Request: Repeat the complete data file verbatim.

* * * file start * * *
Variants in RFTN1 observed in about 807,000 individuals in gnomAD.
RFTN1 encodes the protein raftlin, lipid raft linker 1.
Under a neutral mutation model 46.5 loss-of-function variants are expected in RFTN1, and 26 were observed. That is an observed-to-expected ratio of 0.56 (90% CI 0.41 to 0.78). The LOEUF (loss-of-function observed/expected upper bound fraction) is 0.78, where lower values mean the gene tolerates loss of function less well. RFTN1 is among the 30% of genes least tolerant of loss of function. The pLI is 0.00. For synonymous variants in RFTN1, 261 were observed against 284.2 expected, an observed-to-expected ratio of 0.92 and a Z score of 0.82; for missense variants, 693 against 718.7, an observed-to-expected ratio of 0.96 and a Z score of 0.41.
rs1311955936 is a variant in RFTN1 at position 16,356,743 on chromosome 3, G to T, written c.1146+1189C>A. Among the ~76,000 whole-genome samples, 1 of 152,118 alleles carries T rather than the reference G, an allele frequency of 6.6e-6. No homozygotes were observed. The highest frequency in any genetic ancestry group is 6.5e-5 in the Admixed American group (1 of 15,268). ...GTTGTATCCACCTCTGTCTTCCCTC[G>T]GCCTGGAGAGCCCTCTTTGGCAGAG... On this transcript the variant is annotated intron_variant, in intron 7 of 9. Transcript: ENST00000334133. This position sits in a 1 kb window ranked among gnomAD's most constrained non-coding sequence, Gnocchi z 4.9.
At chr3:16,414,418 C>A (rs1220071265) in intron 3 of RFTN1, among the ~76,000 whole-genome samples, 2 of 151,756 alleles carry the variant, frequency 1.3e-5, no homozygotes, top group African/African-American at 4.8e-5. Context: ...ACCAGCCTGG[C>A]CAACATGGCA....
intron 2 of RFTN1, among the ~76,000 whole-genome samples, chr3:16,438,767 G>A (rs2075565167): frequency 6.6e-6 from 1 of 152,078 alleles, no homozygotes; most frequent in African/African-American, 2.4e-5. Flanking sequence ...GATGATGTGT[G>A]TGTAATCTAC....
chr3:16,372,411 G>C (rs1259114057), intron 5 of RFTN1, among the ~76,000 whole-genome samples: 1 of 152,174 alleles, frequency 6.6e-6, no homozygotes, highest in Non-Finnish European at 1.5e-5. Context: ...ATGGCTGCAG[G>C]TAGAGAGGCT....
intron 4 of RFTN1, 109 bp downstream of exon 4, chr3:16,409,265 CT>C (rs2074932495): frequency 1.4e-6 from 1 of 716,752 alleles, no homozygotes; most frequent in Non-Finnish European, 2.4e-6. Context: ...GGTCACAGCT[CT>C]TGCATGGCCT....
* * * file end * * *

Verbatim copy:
Variants in RFTN1 observed in about 807,000 individuals in gnomAD.
RFTN1 encodes the protein raftlin, lipid raft linker 1.
Under a neutral mutation model 46.5 loss-of-function variants are expected in RFTN1, and 26 were observed. That is an observed-to-expected ratio of 0.56 (90% CI 0.41 to 0.78). The LOEUF (loss-of-function observed/expected upper bound fraction) is 0.78, where lower values mean the gene tolerates loss of function less well. RFTN1 is among the 30% of genes least tolerant of loss of function. The pLI is 0.00. For synonymous variants in RFTN1, 261 were observed against 284.2 expected, an observed-to-expected ratio of 0.92 and a Z score of 0.82; for missense variants, 693 against 718.7, an observed-to-expected ratio of 0.96 and a Z score of 0.41.
rs1311955936 is a variant in RFTN1 at position 16,356,743 on chromosome 3, G to T, written c.1146+1189C>A. Among the ~76,000 whole-genome samples, 1 of 152,118 alleles carries T rather than the reference G, an allele frequency of 6.6e-6. No homozygotes were observed. The highest frequency in any genetic ancestry group is 6.5e-5 in the Admixed American group (1 of 15,268). ...GTTGTATCCACCTCTGTCTTCCCTC[G>T]GCCTGGAGAGCCCTCTTTGGCAGAG... On this transcript the variant is annotated intron_variant, in intron 7 of 9. Transcript: ENST00000334133. This position sits in a 1 kb window ranked among gnomAD's most constrained non-coding sequence, Gnocchi z 4.9.
At chr3:16,414,418 C>A (rs1220071265) in intron 3 of RFTN1, among the ~76,000 whole-genome samples, 2 of 151,756 alleles carry the variant, frequency 1.3e-5, no homozygotes, top group African/African-American at 4.8e-5. Context: ...ACCAGCCTGG[C>A]CAACATGGCA....
intron 2 of RFTN1, among the ~76,000 whole-genome samples, chr3:16,438,767 G>A (rs2075565167): frequency 6.6e-6 from 1 of 152,078 alleles, no homozygotes; most frequent in African/African-American, 2.4e-5. Flanking sequence ...GATGATGTGT[G>A]TGTAATCTAC....
chr3:16,372,411 G>C (rs1259114057), intron 5 of RFTN1, among the ~76,000 whole-genome samples: 1 of 152,174 alleles, frequency 6.6e-6, no homozygotes, highest in Non-Finnish European at 1.5e-5. Context: ...ATGGCTGCAG[G>C]TAGAGAGGCT....
intron 4 of RFTN1, 109 bp downstream of exon 4, chr3:16,409,265 CT>C (rs2074932495): frequency 1.4e-6 from 1 of 716,752 alleles, no homozygotes; most frequent in Non-Finnish European, 2.4e-6. Context: ...GGTCACAGCT[CT>C]TGCATGGCCT....